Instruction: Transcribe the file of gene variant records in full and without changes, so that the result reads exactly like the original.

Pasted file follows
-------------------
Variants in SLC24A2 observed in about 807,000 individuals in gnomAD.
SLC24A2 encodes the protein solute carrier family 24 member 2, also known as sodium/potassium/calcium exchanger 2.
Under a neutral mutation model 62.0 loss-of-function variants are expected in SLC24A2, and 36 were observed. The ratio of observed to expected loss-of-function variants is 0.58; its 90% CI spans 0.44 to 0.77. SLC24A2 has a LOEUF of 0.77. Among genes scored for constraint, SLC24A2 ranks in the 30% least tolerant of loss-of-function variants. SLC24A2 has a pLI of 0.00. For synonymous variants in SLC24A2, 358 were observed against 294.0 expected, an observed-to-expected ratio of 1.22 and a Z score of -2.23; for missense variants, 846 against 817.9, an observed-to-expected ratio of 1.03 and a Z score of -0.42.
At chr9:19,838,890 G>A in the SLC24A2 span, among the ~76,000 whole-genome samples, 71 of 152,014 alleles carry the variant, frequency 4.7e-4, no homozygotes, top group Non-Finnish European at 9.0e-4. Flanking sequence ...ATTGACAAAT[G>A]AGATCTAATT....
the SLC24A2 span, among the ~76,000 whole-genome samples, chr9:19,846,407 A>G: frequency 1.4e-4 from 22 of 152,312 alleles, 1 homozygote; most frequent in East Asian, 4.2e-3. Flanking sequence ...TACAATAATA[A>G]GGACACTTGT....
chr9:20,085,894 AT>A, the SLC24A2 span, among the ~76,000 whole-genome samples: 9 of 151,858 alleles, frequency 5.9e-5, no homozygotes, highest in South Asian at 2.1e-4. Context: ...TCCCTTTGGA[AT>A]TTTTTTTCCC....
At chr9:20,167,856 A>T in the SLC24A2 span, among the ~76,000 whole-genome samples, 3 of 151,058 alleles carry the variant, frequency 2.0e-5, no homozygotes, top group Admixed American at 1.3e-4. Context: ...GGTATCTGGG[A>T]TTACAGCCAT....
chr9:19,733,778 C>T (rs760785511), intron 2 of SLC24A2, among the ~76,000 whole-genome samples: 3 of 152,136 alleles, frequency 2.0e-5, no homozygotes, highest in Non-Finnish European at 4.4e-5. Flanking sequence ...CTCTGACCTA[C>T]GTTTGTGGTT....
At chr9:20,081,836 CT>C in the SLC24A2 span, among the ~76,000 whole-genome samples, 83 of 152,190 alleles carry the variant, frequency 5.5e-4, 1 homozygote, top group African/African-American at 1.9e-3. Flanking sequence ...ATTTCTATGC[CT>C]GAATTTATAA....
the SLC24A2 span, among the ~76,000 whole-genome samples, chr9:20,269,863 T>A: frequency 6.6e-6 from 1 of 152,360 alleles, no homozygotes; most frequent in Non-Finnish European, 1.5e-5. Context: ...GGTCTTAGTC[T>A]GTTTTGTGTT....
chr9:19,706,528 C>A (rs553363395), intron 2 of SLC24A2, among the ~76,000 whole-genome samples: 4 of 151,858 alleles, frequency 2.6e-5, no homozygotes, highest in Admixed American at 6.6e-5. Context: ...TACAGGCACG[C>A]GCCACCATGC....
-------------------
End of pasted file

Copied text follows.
Variants in SLC24A2 observed in about 807,000 individuals in gnomAD.
SLC24A2 encodes the protein solute carrier family 24 member 2, also known as sodium/potassium/calcium exchanger 2.
Under a neutral mutation model 62.0 loss-of-function variants are expected in SLC24A2, and 36 were observed. The ratio of observed to expected loss-of-function variants is 0.58; its 90% CI spans 0.44 to 0.77. SLC24A2 has a LOEUF of 0.77. Among genes scored for constraint, SLC24A2 ranks in the 30% least tolerant of loss-of-function variants. SLC24A2 has a pLI of 0.00. For synonymous variants in SLC24A2, 358 were observed against 294.0 expected, an observed-to-expected ratio of 1.22 and a Z score of -2.23; for missense variants, 846 against 817.9, an observed-to-expected ratio of 1.03 and a Z score of -0.42.
At chr9:19,838,890 G>A in the SLC24A2 span, among the ~76,000 whole-genome samples, 71 of 152,014 alleles carry the variant, frequency 4.7e-4, no homozygotes, top group Non-Finnish European at 9.0e-4. Flanking sequence ...ATTGACAAAT[G>A]AGATCTAATT....
the SLC24A2 span, among the ~76,000 whole-genome samples, chr9:19,846,407 A>G: frequency 1.4e-4 from 22 of 152,312 alleles, 1 homozygote; most frequent in East Asian, 4.2e-3. Flanking sequence ...TACAATAATA[A>G]GGACACTTGT....
chr9:20,085,894 AT>A, the SLC24A2 span, among the ~76,000 whole-genome samples: 9 of 151,858 alleles, frequency 5.9e-5, no homozygotes, highest in South Asian at 2.1e-4. Context: ...TCCCTTTGGA[AT>A]TTTTTTTCCC....
At chr9:20,167,856 A>T in the SLC24A2 span, among the ~76,000 whole-genome samples, 3 of 151,058 alleles carry the variant, frequency 2.0e-5, no homozygotes, top group Admixed American at 1.3e-4. Context: ...GGTATCTGGG[A>T]TTACAGCCAT....
chr9:19,733,778 C>T (rs760785511), intron 2 of SLC24A2, among the ~76,000 whole-genome samples: 3 of 152,136 alleles, frequency 2.0e-5, no homozygotes, highest in Non-Finnish European at 4.4e-5. Flanking sequence ...CTCTGACCTA[C>T]GTTTGTGGTT....
At chr9:20,081,836 CT>C in the SLC24A2 span, among the ~76,000 whole-genome samples, 83 of 152,190 alleles carry the variant, frequency 5.5e-4, 1 homozygote, top group African/African-American at 1.9e-3. Flanking sequence ...ATTTCTATGC[CT>C]GAATTTATAA....
the SLC24A2 span, among the ~76,000 whole-genome samples, chr9:20,269,863 T>A: frequency 6.6e-6 from 1 of 152,360 alleles, no homozygotes; most frequent in Non-Finnish European, 1.5e-5. Context: ...GGTCTTAGTC[T>A]GTTTTGTGTT....
chr9:19,706,528 C>A (rs553363395), intron 2 of SLC24A2, among the ~76,000 whole-genome samples: 4 of 151,858 alleles, frequency 2.6e-5, no homozygotes, highest in Admixed American at 6.6e-5. Context: ...TACAGGCACG[C>A]GCCACCATGC....